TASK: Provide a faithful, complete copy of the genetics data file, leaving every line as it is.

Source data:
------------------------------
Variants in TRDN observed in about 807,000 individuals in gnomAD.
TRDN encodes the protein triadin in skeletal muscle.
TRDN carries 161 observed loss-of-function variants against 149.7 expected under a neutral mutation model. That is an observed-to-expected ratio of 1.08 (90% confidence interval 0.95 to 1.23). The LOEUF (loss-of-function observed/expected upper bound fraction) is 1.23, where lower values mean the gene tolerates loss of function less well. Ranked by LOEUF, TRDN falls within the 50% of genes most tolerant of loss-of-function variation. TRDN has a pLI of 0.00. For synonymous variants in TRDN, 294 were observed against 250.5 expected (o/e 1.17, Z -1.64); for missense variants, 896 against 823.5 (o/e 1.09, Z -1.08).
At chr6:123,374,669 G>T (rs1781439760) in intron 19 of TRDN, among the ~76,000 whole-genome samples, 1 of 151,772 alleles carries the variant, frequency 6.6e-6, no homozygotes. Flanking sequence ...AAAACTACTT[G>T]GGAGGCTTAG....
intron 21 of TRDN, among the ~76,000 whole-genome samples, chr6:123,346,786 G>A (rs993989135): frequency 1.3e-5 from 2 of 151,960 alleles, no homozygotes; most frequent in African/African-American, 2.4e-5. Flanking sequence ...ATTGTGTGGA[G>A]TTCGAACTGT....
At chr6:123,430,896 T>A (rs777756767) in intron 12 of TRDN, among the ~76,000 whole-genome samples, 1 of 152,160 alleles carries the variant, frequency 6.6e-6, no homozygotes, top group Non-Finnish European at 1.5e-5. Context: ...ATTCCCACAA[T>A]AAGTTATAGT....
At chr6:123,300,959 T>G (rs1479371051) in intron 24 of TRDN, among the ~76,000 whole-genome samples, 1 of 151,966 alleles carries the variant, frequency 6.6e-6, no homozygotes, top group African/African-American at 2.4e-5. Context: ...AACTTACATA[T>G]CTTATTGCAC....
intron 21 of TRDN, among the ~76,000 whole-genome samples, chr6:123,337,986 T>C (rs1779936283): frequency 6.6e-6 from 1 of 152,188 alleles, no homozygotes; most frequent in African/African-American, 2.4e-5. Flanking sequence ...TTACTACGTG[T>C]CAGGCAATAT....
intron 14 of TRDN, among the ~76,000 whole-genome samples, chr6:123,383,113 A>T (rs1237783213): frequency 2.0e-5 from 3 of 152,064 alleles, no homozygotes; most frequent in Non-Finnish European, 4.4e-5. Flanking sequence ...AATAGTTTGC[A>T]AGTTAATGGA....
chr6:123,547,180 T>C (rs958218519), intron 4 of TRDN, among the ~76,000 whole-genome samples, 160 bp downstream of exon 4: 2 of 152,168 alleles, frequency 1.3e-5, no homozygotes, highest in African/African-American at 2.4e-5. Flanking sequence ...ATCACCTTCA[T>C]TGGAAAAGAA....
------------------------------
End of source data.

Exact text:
Variants in TRDN observed in about 807,000 individuals in gnomAD.
TRDN encodes the protein triadin in skeletal muscle.
TRDN carries 161 observed loss-of-function variants against 149.7 expected under a neutral mutation model. That is an observed-to-expected ratio of 1.08 (90% confidence interval 0.95 to 1.23). The LOEUF (loss-of-function observed/expected upper bound fraction) is 1.23, where lower values mean the gene tolerates loss of function less well. Ranked by LOEUF, TRDN falls within the 50% of genes most tolerant of loss-of-function variation. TRDN has a pLI of 0.00. For synonymous variants in TRDN, 294 were observed against 250.5 expected (o/e 1.17, Z -1.64); for missense variants, 896 against 823.5 (o/e 1.09, Z -1.08).
At chr6:123,374,669 G>T (rs1781439760) in intron 19 of TRDN, among the ~76,000 whole-genome samples, 1 of 151,772 alleles carries the variant, frequency 6.6e-6, no homozygotes. Flanking sequence ...AAAACTACTT[G>T]GGAGGCTTAG....
intron 21 of TRDN, among the ~76,000 whole-genome samples, chr6:123,346,786 G>A (rs993989135): frequency 1.3e-5 from 2 of 151,960 alleles, no homozygotes; most frequent in African/African-American, 2.4e-5. Flanking sequence ...ATTGTGTGGA[G>A]TTCGAACTGT....
At chr6:123,430,896 T>A (rs777756767) in intron 12 of TRDN, among the ~76,000 whole-genome samples, 1 of 152,160 alleles carries the variant, frequency 6.6e-6, no homozygotes, top group Non-Finnish European at 1.5e-5. Context: ...ATTCCCACAA[T>A]AAGTTATAGT....
At chr6:123,300,959 T>G (rs1479371051) in intron 24 of TRDN, among the ~76,000 whole-genome samples, 1 of 151,966 alleles carries the variant, frequency 6.6e-6, no homozygotes, top group African/African-American at 2.4e-5. Context: ...AACTTACATA[T>G]CTTATTGCAC....
intron 21 of TRDN, among the ~76,000 whole-genome samples, chr6:123,337,986 T>C (rs1779936283): frequency 6.6e-6 from 1 of 152,188 alleles, no homozygotes; most frequent in African/African-American, 2.4e-5. Flanking sequence ...TTACTACGTG[T>C]CAGGCAATAT....
intron 14 of TRDN, among the ~76,000 whole-genome samples, chr6:123,383,113 A>T (rs1237783213): frequency 2.0e-5 from 3 of 152,064 alleles, no homozygotes; most frequent in Non-Finnish European, 4.4e-5. Flanking sequence ...AATAGTTTGC[A>T]AGTTAATGGA....
chr6:123,547,180 T>C (rs958218519), intron 4 of TRDN, among the ~76,000 whole-genome samples, 160 bp downstream of exon 4: 2 of 152,168 alleles, frequency 1.3e-5, no homozygotes, highest in African/African-American at 2.4e-5. Flanking sequence ...ATCACCTTCA[T>C]TGGAAAAGAA....